For decades now, Philadelphia, PA has been known as a fight town that has produced some of the biggest names in professional boxing, from “Smoking” Joe Frazier to Bernard “The Executioner” Hopkins to the number one junior welterweight in the world today, Danny “Swift” Garcia. It is also slowly beginning to emerge as a hot bed for mixed martial artists like top lightweight Eddie Alvarez. However, the lesser known town of Bethlehem, north of Philadelphia, harbors another lightweight fighter who is quickly making a name for himself as a young prospect. Competing in his second pro MMA bout this Friday February 8, at Cage Fury Fighting Championship 20, undefeated up and comer Rick “El Numero Uno” Nuno is planning to keep his “0” in the losses column.
Coming from a striking background, Nuno explains where his love for fighting came from. “My father started me young in Tae Kwon Do, martial arts; I did a lot of boxing. I never competed but I always had it and was always involved with sports and physical fitness, stuff along those lines,” said Nuno. “My father was more of a street fighter and more of a rebel. My dad was always a big believer in street fighting and he instilled Bruce Lee and Jeet Kune Do in me at a very young age, around six years old, with a striking and boxing foundation.”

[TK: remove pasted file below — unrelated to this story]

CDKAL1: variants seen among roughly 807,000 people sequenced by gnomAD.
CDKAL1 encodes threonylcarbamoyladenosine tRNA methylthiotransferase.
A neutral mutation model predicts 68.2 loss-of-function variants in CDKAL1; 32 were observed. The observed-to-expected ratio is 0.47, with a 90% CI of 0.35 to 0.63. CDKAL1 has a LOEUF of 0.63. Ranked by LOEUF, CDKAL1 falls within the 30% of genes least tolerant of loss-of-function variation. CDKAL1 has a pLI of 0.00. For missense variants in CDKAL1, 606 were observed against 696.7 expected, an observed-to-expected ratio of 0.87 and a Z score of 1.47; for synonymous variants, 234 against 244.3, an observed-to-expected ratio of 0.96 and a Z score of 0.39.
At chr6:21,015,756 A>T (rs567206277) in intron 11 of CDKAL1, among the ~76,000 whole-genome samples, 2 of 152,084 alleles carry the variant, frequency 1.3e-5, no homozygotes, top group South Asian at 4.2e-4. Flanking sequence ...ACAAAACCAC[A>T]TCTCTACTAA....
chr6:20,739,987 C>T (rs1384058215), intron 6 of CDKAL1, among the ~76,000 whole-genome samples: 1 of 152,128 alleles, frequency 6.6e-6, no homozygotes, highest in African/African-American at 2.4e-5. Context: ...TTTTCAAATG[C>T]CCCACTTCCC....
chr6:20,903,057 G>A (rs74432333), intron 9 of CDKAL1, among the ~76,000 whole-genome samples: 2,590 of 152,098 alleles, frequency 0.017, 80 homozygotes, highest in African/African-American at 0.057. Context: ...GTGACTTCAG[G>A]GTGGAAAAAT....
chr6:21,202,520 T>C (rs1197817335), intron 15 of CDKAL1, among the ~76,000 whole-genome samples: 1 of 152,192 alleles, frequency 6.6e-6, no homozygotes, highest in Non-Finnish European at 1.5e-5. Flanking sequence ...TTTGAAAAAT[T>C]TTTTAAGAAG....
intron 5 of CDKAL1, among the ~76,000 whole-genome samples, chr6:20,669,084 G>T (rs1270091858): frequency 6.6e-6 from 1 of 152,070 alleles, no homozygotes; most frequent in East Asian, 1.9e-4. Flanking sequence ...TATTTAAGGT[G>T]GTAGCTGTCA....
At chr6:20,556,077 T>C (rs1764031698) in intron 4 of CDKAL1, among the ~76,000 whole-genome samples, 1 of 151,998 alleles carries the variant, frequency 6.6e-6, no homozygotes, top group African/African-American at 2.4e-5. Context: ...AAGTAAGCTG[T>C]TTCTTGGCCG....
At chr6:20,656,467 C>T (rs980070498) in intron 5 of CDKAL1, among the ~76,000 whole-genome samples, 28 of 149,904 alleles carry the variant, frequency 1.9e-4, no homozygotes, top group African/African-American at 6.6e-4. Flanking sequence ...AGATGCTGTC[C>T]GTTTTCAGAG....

After a few successful amateur bouts, he joined AMA Fight Club in Whippany, NJ. Nuno feels fortunate that he’s found a comfortable and trustworthy group of people that truly have his best interests in mind. “I’ve been there for the past five or six months now and probably the best thing that’s ever happened to me and my MMA career. It’s gotten me to link up with top UFC fighters like Charlie Brenneman, Jim Miller, Dan Miller and we have Jimy Hettes over there now.” Along with former WBC Continental Americas welterweight champion Ronald Cruz and his trainer Lemuel “Indo” Rodriguez, Nuno has every aspect of his training camp covered and is ready to demonstrate why he’s considered to be the hottest prospect in PA.
Nuno made it clear that a future with the UFC is certainly something he looks forward to, but by no means is that his immediate agenda. It’s a goal of his to reach the big show, just as it is for any other up and comer, but he understands that if he doesn’t put in the hard work now, when less people are watching, he may never reach that goal to begin with. He sounded extremely enthusiastic about his future and truly enjoys what he does, everything from the rigors of everyday training to the miles he puts on his vehicle every time he travels to Whippany. Nuno knows what sacrifices and commitments need to be made to make it in today’s MMA landscape. He plans on putting that commitment on display February 8.